Recently, I started learning about API testing in one of the hackathons that my organization keeps organizing for learning purposes. During the hackathon, I came across many new terms — payload, POJO class etc. Today, I’m writing this article about POJOs.
POJO in Java stands for Plain Old Java Object. It is an ordinary object, which is not bound by any special restriction.
In the context of Rest Assured, POJOs are commonly used to represent the structure of JSON or XML payloads in HTTP requests and responses. In layman's language, POJOs are used to create payload data to be sent for API request.
But, why do we need POJO class when we have other ways to send payload data. On doing some research, here are some reasons that I feel make POJO a better candidate than other options:
Readability and Maintainability: POJOs provide a clean and readable way to model the structure of request and response payloads. By representing the data as objects with meaningful field names, the code becomes more self-explanatory and easier to understand for even a new joiner .
Encapsulation of Data: POJOs allow you to encapsulate data and related behavior within a single object. This aligns with the principles of object-oriented programming, making the code more modular and maintainable. Use of private class variables and public getters and setters which will provide you Encapsulation.
Type Safety: When you use POJOs to represent the expected structure of the response, the compiler can catch type mismatches and other errors at compile time. This helps in avoiding runtime errors related to incorrect data types.
Easy Serialization and Deserialization: Rest Assured automatically handles the serialization of Java objects into JSON or XML format when sending requests, and deserialization of responses into Java objects.
I am sure there are many more advantages of using POJOs.
but, When do we use nested POJO
Nested POJOs (Plain Old Java Objects) are needed in situations where your data model has a hierarchical or nested structure, meaning one object contains another object or objects. This can occur in scenarios where your data has a complex structure with relationships between different entities.
Now have a look at the request payload structure below :
This payload structure is not flat, meaning all the fields on same level. Actually this is hierarchical data structure.
As you can see, some fields like "id" and "name" are nested inside the category object. Same logic applies to the fields "id" and "name" under tags object. Here nested POJOs comes into picture.
In order to visualize this, we can make use of jsonpathfinder.com . I can see that paths of category id and tags id are different and the hierarchy is also different. This helped me decide that nested Pojo classes need to be implemented here.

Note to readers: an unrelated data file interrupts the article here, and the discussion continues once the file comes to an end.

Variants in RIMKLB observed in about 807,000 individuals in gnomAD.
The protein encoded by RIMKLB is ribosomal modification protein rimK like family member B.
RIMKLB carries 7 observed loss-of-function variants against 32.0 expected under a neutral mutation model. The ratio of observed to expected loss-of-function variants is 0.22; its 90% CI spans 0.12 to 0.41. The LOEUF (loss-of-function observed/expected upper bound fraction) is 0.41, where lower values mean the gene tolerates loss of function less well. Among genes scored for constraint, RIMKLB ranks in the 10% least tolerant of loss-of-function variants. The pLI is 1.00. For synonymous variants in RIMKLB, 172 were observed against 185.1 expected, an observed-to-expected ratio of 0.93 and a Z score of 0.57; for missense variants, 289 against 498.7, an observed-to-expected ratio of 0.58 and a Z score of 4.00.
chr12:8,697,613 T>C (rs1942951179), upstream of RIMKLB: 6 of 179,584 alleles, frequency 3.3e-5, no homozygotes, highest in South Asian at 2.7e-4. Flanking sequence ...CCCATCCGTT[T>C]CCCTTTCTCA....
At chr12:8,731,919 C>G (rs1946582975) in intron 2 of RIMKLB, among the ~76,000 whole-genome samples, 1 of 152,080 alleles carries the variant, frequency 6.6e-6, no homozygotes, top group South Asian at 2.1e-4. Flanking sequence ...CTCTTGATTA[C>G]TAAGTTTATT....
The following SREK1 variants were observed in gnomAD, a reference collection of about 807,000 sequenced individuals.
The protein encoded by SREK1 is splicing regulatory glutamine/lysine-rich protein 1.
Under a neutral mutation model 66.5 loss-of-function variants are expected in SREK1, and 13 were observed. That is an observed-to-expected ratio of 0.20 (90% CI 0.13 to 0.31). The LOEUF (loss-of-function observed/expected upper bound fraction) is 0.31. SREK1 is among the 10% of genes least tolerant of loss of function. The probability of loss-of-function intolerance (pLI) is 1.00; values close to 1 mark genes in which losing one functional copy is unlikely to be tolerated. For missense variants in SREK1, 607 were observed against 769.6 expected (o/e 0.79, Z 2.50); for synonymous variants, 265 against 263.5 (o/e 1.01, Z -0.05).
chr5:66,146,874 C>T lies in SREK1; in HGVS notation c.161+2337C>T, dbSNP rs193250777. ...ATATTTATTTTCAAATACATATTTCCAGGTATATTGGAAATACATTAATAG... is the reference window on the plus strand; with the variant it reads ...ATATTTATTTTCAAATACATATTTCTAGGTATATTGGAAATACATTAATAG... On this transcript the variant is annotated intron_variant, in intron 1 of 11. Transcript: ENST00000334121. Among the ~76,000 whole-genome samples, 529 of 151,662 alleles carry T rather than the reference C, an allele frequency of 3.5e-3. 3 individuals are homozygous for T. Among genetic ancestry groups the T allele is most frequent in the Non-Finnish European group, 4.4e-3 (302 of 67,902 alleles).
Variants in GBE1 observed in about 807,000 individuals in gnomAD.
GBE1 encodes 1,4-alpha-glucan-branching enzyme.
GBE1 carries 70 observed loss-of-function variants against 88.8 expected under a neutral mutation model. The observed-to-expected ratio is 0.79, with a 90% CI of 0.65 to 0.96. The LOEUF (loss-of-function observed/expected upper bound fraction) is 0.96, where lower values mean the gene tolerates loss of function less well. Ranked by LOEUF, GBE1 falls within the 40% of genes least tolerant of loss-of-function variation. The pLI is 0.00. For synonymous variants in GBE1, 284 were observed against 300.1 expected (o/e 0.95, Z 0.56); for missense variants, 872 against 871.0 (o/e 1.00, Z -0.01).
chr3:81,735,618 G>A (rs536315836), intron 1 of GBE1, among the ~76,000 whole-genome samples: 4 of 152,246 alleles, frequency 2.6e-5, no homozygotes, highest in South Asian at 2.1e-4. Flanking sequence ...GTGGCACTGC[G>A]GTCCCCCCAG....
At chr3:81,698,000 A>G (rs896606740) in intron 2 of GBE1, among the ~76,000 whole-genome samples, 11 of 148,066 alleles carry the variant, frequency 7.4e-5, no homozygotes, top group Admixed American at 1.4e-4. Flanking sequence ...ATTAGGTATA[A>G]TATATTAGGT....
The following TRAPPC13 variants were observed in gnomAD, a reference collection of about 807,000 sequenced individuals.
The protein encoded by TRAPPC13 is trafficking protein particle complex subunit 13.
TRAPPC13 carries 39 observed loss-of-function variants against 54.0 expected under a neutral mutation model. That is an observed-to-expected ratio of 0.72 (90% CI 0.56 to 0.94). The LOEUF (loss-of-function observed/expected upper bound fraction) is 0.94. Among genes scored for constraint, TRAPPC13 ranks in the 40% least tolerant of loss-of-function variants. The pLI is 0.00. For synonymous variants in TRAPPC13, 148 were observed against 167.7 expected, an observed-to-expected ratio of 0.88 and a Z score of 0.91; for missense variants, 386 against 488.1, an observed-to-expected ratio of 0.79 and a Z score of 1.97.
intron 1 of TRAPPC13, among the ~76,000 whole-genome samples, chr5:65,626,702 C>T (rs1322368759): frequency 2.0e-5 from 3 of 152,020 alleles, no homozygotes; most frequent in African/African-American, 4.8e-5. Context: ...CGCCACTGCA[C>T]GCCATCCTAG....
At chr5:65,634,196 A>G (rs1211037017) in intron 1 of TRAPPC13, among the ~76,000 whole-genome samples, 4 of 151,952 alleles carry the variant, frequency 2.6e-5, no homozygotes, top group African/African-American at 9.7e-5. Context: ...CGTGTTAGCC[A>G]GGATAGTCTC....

It feels very overwhelming to handle this type of nested JSON Object at a glance. So, we will split this into small parts or objects. So basically, we can split the above JSON into 3 parts – category, tags and petPOJO(main requestPayload). In the above nested POJO classes ,tags object is having an array of objects in it. There is no ready-made data type to represent elements of this array as a whole. So here we need to create a POJO class that can contain all details of these objects.
1.This is how I have created a separate category POJO class which will have values of fields "id" and "name" .
2. TagsPOJO class contains field names "id" and "name". This is how I have created a separate class for the same.
Also, one more interesting thing in the above payload was , status values were a specific set of values that were valid. Here user should be restricted for entering any values and should be provided with certain set of values only. Here, enum comes for our rescue!
An enum is a special "class" that represents a group of constants (unchangeable variables, like final variables).
3. Finally we have all the sets of data that we need to create our request payload. This is my final payload class. Please have a look at the highlighted part- here we are creating objects of CategoryPOJO and TagsPOJO class.
Here , when getter and setter methods of CategoryPojo or TagsPojo are called , they inturn call their respective nested class' getter and setters. This way we can achieve creating nested payloads by creating nested Pojo classes.
Using Plain Old Java Objects (POJOs) in programming has several advantages, but it also comes with certain limitations. Here are some of the limitations of using POJOs:
Boilerplate Code: POJOs often require a lot of boilerplate code for getters, setters, constructors, and other standard methods. This can make the code verbose and harder to maintain. (when I put it in simple words, boilerplate code means the repetitive code but which is unavoidable.)
No Built-in Validation: POJOs do not come with built-in validation mechanisms. Validating the state of a POJO often requires custom code or the use of external validation frameworks.
Tight Coupling: POJOs can lead to tight coupling between classes if not designed carefully. Changes in one part of the system might have unintended consequences on other parts due to the shared use of POJOs.
Limited to Java Language: While the term "POJO" is associated with Java, the concept itself is language-agnostic. However, the term is mostly used in the context of Java programming. This limits the portability of the concept to other programming languages.
Despite these limitations, POJOs remain a widely used and effective programming approach, especially in scenarios where simplicity, readability, and interoperability are crucial.
In my opinion, use of POJOs should depend on the specific requirements of the application and the development environment should guide the choice of whether to use POJOs or other design patterns.
Hope my experience that I have shared with you was insightful !